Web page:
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Mirror is black comedy at its best

Dark comedy is rarely dark enough, satire is rarely satirical enough and horror is rarely horrifying enough.

You can't say that of Black Mirror, the first of three stand-alone tales by Charlie Brooker, the scatological Guardian columnist and author of Dead Set, Channel 4's brilliant zombies-in-the-Big-Brother-house comedy-horror romp.

The National Anthem, in which a British Prime Minister called Michael Callow (Rory Kinnear) finds himself in a revolting dilemma, had dark comedy, satire and horror in abundance.

It might even have had too much of them, but you can't fault Brooker's ambition -- or his twisted sense of humour.

Someone kidnaps a royal princess and sends a ransom demand, in the form of a video of the hysterically weeping victim, to the government.

The princess will be executed by 4pm that afternoon unless the PM complies with a simple, ghastly request: he has to commit a lewd sexual act with a pig.

On live television.

The government imposes a D-Notice media blackout on the story but it's already too late. The kidnapper has posted the ransom video on YouTube and in no time at all it's had six million hits.

So what we're into here, then, is a wild and woolly -- or rather piggy -- satirical assault on politics, the media, YouTube, Facebook, Twitter, the internet as a whole and the seemingly insatiable public hunger for voyeurism and humiliation.

Brooker has cited The Twilight Zone as an influence, and you can see why, but Black Mirror is also rife with elements of The Thick of It and Chris Morris's Brass Eye (which Brooker wrote for).

It's full of sharp, absurdly funny dialogue, delivered with utter seriousness by an excellent cast. "What's the playbook?" asks the desperate PM, finally figuring out it's not a practical joke.

"This is virgin territory," deadpans his icy advisor, played by the excellent Lindsay Duncan, "there IS no playbook."

A plan is hatched to have a professional porn actor with the PM's face digitally painted painted over his own commit the act, but the kidnapper gets wind of it and posts another video of him apparently chopping off the princess's finger.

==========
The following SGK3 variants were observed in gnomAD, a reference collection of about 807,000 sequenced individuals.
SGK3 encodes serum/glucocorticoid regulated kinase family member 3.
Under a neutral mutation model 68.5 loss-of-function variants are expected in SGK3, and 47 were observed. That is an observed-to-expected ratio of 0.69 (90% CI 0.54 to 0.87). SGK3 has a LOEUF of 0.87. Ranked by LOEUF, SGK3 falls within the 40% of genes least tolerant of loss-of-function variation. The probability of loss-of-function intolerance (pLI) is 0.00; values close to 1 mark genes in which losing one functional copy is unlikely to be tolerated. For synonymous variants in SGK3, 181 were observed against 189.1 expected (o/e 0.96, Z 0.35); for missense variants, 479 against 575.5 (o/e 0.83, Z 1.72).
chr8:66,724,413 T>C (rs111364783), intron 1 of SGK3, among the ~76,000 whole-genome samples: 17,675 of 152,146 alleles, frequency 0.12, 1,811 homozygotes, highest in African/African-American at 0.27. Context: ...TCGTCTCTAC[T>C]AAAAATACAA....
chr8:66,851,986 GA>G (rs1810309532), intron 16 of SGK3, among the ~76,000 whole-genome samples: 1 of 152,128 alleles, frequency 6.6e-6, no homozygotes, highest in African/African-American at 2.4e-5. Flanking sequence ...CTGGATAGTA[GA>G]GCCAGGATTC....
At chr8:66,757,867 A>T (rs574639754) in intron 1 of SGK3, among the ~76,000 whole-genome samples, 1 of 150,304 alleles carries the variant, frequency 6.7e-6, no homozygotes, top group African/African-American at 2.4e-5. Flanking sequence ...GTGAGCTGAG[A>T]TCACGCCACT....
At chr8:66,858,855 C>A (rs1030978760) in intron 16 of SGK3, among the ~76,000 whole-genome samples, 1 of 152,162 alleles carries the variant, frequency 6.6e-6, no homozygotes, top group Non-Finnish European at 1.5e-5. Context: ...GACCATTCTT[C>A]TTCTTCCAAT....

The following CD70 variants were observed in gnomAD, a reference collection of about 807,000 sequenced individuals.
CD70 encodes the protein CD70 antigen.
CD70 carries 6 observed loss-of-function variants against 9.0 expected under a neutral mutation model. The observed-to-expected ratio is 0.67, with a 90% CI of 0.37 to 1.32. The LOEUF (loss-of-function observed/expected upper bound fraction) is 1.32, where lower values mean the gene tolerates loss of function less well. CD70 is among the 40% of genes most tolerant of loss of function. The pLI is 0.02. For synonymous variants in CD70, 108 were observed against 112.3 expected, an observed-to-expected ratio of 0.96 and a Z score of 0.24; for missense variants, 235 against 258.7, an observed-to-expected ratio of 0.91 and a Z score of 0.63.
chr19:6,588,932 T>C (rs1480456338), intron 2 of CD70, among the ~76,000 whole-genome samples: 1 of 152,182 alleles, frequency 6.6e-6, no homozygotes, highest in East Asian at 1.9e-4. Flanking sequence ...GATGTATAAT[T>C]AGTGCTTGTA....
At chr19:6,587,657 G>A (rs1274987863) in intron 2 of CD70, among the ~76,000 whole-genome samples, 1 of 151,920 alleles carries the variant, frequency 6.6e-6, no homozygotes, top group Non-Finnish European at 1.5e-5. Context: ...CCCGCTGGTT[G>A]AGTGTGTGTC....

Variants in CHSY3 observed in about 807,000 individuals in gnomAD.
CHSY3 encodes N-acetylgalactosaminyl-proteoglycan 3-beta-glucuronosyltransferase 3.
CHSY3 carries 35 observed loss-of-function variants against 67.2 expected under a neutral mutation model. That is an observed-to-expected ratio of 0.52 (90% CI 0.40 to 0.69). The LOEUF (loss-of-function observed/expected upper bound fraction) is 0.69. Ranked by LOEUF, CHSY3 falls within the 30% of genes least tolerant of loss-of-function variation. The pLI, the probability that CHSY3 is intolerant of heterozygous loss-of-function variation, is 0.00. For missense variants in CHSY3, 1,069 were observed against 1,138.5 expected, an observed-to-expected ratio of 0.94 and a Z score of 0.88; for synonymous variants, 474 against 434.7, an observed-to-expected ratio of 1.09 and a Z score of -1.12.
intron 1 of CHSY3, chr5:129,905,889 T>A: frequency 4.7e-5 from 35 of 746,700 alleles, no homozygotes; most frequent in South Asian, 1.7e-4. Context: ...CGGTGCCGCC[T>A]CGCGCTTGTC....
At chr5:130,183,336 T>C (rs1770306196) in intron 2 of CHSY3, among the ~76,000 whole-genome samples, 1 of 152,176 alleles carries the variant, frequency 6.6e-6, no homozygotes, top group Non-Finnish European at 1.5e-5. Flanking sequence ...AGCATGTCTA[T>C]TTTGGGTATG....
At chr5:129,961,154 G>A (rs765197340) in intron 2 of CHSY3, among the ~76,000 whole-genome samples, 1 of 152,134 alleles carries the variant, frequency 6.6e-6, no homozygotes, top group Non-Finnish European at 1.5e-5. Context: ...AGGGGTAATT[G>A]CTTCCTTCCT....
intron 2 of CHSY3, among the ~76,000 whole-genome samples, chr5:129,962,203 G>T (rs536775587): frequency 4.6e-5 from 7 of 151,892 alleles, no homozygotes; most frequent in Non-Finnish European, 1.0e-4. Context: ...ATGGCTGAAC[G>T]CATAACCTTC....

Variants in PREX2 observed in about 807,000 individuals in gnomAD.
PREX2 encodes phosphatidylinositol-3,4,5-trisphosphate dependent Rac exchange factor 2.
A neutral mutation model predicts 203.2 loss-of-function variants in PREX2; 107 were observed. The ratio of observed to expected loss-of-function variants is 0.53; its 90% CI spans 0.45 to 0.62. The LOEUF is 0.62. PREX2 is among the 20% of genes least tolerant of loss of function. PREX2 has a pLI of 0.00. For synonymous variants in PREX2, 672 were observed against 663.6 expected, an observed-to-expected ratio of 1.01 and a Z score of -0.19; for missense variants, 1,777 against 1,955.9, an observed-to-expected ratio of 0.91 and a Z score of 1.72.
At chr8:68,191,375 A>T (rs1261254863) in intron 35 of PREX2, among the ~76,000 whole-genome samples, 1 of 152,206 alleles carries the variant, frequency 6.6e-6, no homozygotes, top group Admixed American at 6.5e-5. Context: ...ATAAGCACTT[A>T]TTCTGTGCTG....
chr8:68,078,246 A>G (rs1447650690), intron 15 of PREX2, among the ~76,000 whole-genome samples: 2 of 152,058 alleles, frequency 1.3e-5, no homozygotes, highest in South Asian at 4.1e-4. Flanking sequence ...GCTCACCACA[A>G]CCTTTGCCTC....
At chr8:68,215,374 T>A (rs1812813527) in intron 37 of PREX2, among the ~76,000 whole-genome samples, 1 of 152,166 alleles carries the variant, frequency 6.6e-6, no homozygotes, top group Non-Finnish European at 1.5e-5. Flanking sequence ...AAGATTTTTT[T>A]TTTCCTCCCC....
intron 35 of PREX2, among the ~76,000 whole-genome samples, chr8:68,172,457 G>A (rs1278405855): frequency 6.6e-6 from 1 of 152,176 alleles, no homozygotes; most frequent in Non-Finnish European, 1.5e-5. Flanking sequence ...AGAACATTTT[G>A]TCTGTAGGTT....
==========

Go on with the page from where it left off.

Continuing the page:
Public opinion, which had been behind the PM, turns against him and the situation worsens when an armed assault on the abductor's supposed hideout goes violently wrong.

Out of time, the PM has no option but to go through with the act. Mercifully, we're spared the graphic detail as the camera instead pans in slo-mo across the fascinated/horrified faces of viewers.

The princess is released unharmed (it turns out the finger was one of the kidnapper's own), the kidnapper hangs himself and the PM's reputation is enhanced. Brooker sometimes over-eggs the satirical pudding, as in a "one year later" coda which reveals that the kidnapping was a piece of performance art staged by a former Turner Prize winner, but it's a small quibble with a drama so bracingly original and horribly, hilariously compelling.

By comparison, Mark Zuckerberg: Inside Facebook, which promised to blow the lid on the dark and sinister side of all-conquering social-networking monster, was more or less a damp squib.

Emily Maitlis's "exclusive access" to the 27-year old Facebook creator amounted to five or six minutes of interview spread over an hour, during he which the robotic Zuckerberg spouted tedious platitudes about "sharing" and "giving people a voice", but was spared hard questions about invasions of privacy.

The sole killer blow arrived 10 minutes from the end, when Maitlis delved into the privacy-defiling consequences of pushing Facebook's "Like" button.

Do this with a brand or a product and you could unwittingly end up having your picture alongside a corporate logo (Coca-Cola, for instance) lodged in your friends' sidebars. And there's no opt-out option. It's there forever.

I'm on Facebook -- barely, because I rarely use it and don't much like it.

Time to log out for good, I reckon.